Experts in Georgia Personal Injury

In a recent pair of personal injury cases, a Georgia Court of Appeals considered lawsuits arising from the explosion of a mobile home. The plaintiffs in the case sued the Atlanta Gas Light Company and one of the plaintiff’s landlords, Tinker Mobile Home Park. Three homes at the mobile parks were serviced by natural gas lines installed by Atlanta Gas Light Company. It was regulated with a master meter located on the property. It was not locked or supervised so anyone could turn it on or off.
One night, a resident of the park turned on the master meter to get natural gas for an appliance in his home. Two of the plaintiffs came home with a friend (a third plaintiff). The friend lit a cigarette. This ignited natural gas that had accumulated inside without the plaintiffs knowing. The explosion destroyed the trailer and severely hurt the plaintiff.
Later the plaintiffs found out that Tinker had turned off the natural gas supply at the master meter so the employees of AGLC could install an electrical heating and air conditioning system. The employees had not capped the gas pipeline and had not shut off the service valve. This had allowed the natural gas to accumulate.
The plaintiffs sued AGLC alleging negligence in failing to lock the master meter. The plaintiffs alleged that the failure to lock the master meter with no warning sticker made the master meter a dangerous condition. They alleged AGLC had violated its own procedures and this was negligence per se. They also sued Tinker, the owner of the park, for negligence and negligence per se.
They submitted an affidavit with their complaints. The affidavit was from an expert who opined that the standard of care was that AGLC had to establish policies and practices to ensure a closed meter valve was secured by lock.
AGLC and Tinker tried to exclude the expert’s affidavit arguing that the plaintiffs had not shown he was qualified to opine as an expert in the relevant areas.  The trial court denied these motions, but then granted their motions for reconsideration. The judge concluded the plaintiffs hadn’t met their burden of showing the expert’s qualifications. The judge also reasoned that plaintiffs were required to present expert witness testimony on applicable standards of care. Therefore, once the expert’s testimony was excluded for lack of qualification, summary judgment could be granted to AGLC.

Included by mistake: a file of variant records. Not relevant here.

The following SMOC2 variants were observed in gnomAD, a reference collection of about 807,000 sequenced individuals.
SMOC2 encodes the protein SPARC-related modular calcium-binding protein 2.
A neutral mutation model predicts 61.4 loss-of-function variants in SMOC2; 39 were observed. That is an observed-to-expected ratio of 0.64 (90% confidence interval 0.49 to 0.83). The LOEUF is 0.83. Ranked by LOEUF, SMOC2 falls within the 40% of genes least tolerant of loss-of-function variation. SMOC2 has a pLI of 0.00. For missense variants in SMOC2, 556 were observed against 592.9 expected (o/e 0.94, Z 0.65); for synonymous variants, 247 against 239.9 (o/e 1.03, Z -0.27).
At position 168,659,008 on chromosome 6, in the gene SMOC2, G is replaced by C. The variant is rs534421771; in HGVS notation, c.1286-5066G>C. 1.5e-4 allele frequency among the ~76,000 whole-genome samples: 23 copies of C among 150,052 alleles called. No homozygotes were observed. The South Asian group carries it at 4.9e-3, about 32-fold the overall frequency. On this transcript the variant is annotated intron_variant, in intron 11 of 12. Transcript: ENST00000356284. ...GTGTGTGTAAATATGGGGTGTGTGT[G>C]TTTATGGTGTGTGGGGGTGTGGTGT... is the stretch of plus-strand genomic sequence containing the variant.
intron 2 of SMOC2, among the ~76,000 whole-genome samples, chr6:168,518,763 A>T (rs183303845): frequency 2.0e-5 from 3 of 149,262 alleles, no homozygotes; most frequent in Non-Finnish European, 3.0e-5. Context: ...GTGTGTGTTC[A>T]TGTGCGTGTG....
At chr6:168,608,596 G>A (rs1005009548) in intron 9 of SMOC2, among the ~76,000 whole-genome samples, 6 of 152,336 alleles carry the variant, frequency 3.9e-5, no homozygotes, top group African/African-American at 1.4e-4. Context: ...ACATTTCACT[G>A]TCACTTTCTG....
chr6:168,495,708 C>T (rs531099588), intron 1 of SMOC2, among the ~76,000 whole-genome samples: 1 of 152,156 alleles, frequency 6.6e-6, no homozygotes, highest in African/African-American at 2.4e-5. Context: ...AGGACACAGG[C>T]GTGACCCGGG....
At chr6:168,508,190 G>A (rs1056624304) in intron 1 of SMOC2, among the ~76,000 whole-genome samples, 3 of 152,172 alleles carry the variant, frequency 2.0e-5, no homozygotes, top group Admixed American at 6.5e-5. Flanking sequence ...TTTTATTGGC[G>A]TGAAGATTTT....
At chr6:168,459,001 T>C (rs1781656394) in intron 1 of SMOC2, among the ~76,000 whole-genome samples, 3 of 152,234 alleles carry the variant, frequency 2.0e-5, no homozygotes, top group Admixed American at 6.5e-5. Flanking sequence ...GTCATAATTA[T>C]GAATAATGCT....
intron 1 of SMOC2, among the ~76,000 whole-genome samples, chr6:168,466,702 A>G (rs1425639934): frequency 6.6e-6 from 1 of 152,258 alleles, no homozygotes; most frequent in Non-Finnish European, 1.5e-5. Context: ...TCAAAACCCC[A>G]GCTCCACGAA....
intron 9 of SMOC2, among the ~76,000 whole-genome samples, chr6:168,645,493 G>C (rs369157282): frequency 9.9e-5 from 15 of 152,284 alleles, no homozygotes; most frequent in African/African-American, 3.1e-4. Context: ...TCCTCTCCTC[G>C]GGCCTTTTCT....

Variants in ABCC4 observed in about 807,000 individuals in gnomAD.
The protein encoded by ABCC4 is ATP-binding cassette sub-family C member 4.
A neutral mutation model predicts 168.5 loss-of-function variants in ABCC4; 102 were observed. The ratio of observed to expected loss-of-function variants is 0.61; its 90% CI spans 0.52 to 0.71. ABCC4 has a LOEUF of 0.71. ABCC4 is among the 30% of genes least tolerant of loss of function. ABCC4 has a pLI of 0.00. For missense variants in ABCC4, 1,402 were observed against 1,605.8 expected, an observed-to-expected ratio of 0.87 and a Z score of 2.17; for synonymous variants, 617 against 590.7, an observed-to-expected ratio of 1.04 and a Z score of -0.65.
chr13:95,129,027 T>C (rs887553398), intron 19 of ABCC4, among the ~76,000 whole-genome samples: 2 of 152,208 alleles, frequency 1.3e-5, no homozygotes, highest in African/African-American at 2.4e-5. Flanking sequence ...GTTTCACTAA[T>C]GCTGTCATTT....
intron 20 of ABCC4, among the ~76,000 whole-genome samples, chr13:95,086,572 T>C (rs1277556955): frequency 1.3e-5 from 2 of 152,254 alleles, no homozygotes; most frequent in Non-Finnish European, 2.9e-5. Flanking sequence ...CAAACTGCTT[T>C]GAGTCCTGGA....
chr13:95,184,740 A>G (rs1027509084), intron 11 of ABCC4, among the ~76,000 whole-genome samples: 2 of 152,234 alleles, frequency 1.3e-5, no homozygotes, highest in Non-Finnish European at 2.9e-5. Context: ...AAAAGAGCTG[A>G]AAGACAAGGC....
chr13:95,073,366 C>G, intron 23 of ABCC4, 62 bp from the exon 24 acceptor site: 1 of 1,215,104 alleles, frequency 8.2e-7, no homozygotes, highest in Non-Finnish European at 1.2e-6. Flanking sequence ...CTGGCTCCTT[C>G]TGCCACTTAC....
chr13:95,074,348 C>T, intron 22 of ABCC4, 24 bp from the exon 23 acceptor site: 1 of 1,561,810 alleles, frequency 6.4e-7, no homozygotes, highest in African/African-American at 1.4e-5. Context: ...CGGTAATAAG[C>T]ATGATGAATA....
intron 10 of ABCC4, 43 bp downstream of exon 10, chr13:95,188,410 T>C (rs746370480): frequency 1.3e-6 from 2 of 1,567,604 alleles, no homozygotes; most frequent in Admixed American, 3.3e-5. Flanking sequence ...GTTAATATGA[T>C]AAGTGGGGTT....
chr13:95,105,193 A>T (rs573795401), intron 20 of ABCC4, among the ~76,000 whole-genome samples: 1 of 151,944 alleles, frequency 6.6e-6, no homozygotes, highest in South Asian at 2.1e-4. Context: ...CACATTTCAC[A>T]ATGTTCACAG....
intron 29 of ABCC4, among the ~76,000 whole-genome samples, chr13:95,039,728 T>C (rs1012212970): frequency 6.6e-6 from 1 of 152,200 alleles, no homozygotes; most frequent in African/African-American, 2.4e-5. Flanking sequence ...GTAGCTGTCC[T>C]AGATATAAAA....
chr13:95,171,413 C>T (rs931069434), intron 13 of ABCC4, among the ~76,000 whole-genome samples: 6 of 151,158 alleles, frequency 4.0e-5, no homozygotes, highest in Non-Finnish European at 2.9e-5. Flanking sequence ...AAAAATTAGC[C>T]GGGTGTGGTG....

The plaintiffs appealed. They argued the opinion testimony should not have been excluded and that he was qualified to opine on natural gas industry regulations and standards of care. They also argued that his testimony should be presented to the jury to determine credibility.
The appellate court disagreed. It explained that the plaintiffs’ expert’s work experience as a small business propane delivery guy who had attended various seminars and worked as a consultant on issues of deregulation were not sufficiently reliable to be admissible. The defendants had pointed out that the expert admitted there were no federal pipeline safety regulations imposing the duties he sought to impose. He had no relevant education nor had he ever worked in the industry, not worked for a business subject to federal pipeline safety regulations.
The court explained that reliability of an expert must be examined by considering various factors. The witness must explain the principles and methods employed by the witness to reach a conclusion.
If you are seriously injured because of somebody else’s negligence, you may have grounds for a lawsuit. Experienced Atlanta personal injury attorney Terrence R. Bethune can evaluate your case and fight for any compensation you may deserve. Contact us at 404-875-7800 or via our online form.

Share on facebook
Share on twitter
Share on linkedin
Share on reddit